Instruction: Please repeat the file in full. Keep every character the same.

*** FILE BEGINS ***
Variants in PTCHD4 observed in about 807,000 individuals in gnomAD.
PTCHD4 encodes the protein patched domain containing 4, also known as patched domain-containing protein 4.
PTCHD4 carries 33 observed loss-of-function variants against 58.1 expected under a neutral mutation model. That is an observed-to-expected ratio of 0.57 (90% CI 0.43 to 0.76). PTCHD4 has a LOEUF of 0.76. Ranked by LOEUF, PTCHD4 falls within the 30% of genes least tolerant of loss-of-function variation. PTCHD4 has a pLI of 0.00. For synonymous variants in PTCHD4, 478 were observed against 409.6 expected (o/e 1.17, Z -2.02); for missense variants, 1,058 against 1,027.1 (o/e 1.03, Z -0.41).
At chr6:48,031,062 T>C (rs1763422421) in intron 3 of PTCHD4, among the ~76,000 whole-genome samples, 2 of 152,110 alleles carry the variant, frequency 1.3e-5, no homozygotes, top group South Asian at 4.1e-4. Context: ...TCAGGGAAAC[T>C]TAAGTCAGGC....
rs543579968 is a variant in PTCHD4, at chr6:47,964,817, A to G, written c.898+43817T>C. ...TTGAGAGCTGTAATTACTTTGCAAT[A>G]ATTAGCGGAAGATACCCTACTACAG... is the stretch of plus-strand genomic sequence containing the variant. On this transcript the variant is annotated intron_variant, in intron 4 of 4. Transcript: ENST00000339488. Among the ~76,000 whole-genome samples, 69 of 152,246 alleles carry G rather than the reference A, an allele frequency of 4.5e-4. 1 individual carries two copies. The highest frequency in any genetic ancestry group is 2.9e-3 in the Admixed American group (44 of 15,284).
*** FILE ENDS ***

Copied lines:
Variants in PTCHD4 observed in about 807,000 individuals in gnomAD.
PTCHD4 encodes the protein patched domain containing 4, also known as patched domain-containing protein 4.
PTCHD4 carries 33 observed loss-of-function variants against 58.1 expected under a neutral mutation model. That is an observed-to-expected ratio of 0.57 (90% CI 0.43 to 0.76). PTCHD4 has a LOEUF of 0.76. Ranked by LOEUF, PTCHD4 falls within the 30% of genes least tolerant of loss-of-function variation. PTCHD4 has a pLI of 0.00. For synonymous variants in PTCHD4, 478 were observed against 409.6 expected (o/e 1.17, Z -2.02); for missense variants, 1,058 against 1,027.1 (o/e 1.03, Z -0.41).
At chr6:48,031,062 T>C (rs1763422421) in intron 3 of PTCHD4, among the ~76,000 whole-genome samples, 2 of 152,110 alleles carry the variant, frequency 1.3e-5, no homozygotes, top group South Asian at 4.1e-4. Context: ...TCAGGGAAAC[T>C]TAAGTCAGGC....
rs543579968 is a variant in PTCHD4, at chr6:47,964,817, A to G, written c.898+43817T>C. ...TTGAGAGCTGTAATTACTTTGCAAT[A>G]ATTAGCGGAAGATACCCTACTACAG... is the stretch of plus-strand genomic sequence containing the variant. On this transcript the variant is annotated intron_variant, in intron 4 of 4. Transcript: ENST00000339488. Among the ~76,000 whole-genome samples, 69 of 152,246 alleles carry G rather than the reference A, an allele frequency of 4.5e-4. 1 individual carries two copies. The highest frequency in any genetic ancestry group is 2.9e-3 in the Admixed American group (44 of 15,284).